Whence the Rot Set In

Is it time to say, enough?

Like most Sikhs, we too have attended oodles of discussions on and about Sikhi over the years. The attendance is often heavy with both young and old Sikhs, and we parse issues that confront us, our colorful history, and our direction forward.

The primary purpose: to engage both young and old in an inter-generational conversation.  Quite expectedly, the the narrative often highlights the nobility of Sikh teachings and ideals, and our slipshod practices.  Some speakers aim at our silly ways and rue the inevitability of the times.  We often condemn others: often Hindus or the British for the debasement of Sikh practices. And that’s where the story usually ends until we meet, to revisit similar themes again.   

And we wonder:  Surely, as adults, we Sikhs have some meaningful role in this inevitable decline of Sikhs and Sikhi, or don’t we?

Hence this diatribe.  The past often appears rosier in retrospect. We won’t overlook the times of Sikh glory – the worldly triumphs we had  while remaining reasonably connected to our religious roots and practices.

True that in the period of the Gurus and immediately afterwards, there were hair-raising battles with both Mughal rulers (Muslims) as well as the Hindu majority.  The third way (Sikhi) was not acceptable to either of the two larger religions in India. There was often a hefty price on a Sikh’s head if he openly lived with the markers of his faith. Sikhs and Sikhi were then perceived as threats to the philosophy and power of the establishment — Muslims and Hindus. 

But within decades after Guru Gobind Singh, Sikhs had fought their way to triumph. They established Sikh governance in the greater Punjab, even extending into Tibet and Afghanistan. The outstanding Sikh General, Hari Singh Nalwa, was able to command and control Afghanistan.  Much of India, too, tasted a degree of independence as Muslim dominance collapsed. The larger India returned to several quasi-independent nation-states.  For much of this we credit the over two-centuries of Sikh struggle, largely in Punjab and other pockets.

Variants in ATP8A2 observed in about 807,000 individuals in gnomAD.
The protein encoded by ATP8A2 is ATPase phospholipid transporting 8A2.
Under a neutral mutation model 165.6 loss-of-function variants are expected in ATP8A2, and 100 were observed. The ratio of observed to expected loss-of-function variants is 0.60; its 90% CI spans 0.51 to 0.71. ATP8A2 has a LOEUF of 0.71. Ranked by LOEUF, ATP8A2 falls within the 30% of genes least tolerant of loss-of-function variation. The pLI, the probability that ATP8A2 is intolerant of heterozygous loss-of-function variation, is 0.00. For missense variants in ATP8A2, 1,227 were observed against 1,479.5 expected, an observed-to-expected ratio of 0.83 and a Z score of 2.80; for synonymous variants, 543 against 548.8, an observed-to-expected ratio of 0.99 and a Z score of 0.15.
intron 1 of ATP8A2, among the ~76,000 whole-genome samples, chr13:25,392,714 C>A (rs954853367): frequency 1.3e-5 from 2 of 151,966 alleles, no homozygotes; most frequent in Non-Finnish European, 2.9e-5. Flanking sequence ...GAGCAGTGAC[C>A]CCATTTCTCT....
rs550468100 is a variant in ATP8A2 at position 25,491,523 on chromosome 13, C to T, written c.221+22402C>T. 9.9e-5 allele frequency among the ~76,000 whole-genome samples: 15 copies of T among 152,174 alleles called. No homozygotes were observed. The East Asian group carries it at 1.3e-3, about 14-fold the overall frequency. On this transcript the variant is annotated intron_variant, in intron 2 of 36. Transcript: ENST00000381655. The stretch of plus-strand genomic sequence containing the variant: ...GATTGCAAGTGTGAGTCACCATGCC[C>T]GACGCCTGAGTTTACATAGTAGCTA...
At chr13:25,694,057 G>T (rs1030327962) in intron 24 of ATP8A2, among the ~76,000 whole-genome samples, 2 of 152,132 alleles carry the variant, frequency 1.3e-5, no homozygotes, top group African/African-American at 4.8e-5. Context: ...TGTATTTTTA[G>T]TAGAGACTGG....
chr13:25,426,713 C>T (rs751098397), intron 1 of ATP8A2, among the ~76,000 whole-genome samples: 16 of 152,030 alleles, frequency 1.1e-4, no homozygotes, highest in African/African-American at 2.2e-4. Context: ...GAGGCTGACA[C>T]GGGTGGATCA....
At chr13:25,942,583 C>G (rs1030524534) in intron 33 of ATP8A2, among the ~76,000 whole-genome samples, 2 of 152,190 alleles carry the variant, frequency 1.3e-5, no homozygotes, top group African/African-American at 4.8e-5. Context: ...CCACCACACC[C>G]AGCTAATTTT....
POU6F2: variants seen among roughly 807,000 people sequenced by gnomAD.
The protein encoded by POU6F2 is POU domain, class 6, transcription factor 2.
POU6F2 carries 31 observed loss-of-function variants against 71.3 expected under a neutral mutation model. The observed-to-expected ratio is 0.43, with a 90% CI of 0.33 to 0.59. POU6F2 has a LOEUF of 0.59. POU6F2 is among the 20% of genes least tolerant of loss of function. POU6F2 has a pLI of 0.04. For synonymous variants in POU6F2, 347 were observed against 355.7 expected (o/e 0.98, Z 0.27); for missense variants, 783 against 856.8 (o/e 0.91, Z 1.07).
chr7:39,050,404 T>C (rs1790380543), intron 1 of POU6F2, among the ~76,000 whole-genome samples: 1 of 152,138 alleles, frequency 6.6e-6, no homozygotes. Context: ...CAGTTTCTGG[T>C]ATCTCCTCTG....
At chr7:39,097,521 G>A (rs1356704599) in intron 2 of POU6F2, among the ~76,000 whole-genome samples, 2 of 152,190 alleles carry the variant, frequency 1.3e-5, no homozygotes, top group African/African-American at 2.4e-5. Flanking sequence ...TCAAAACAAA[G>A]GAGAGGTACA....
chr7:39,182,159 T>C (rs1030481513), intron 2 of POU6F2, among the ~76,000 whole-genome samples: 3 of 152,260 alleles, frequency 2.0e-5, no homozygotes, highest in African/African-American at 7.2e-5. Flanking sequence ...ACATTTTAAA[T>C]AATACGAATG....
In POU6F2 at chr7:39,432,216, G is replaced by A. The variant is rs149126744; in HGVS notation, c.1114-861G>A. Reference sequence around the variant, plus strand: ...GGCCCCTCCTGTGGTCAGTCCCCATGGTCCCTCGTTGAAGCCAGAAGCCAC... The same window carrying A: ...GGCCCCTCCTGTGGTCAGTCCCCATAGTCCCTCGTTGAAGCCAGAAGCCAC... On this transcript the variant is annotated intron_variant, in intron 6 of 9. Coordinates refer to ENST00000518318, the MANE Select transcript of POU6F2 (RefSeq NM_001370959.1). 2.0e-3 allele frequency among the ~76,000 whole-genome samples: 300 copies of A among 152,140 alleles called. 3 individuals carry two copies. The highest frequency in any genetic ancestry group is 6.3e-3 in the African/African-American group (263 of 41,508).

These historical realities along with the struggle for independence shaped north-western India – largely Punjab and Punjabis.  Until the British and French came by sea, all traders, invaders, conquerors, Greek hordes and early Aryan settlers entered India via the Khyber Pass through the northwest corner that connects Afghanistan to Punjab.  (Now half of Punjab constitutes Pakistan, the other half is part of India.)  This prolonged hybridization of Punjab enriched its genetic pool, resulting in greater vigor. We find similar enrichment in the Balkans and the United States as well.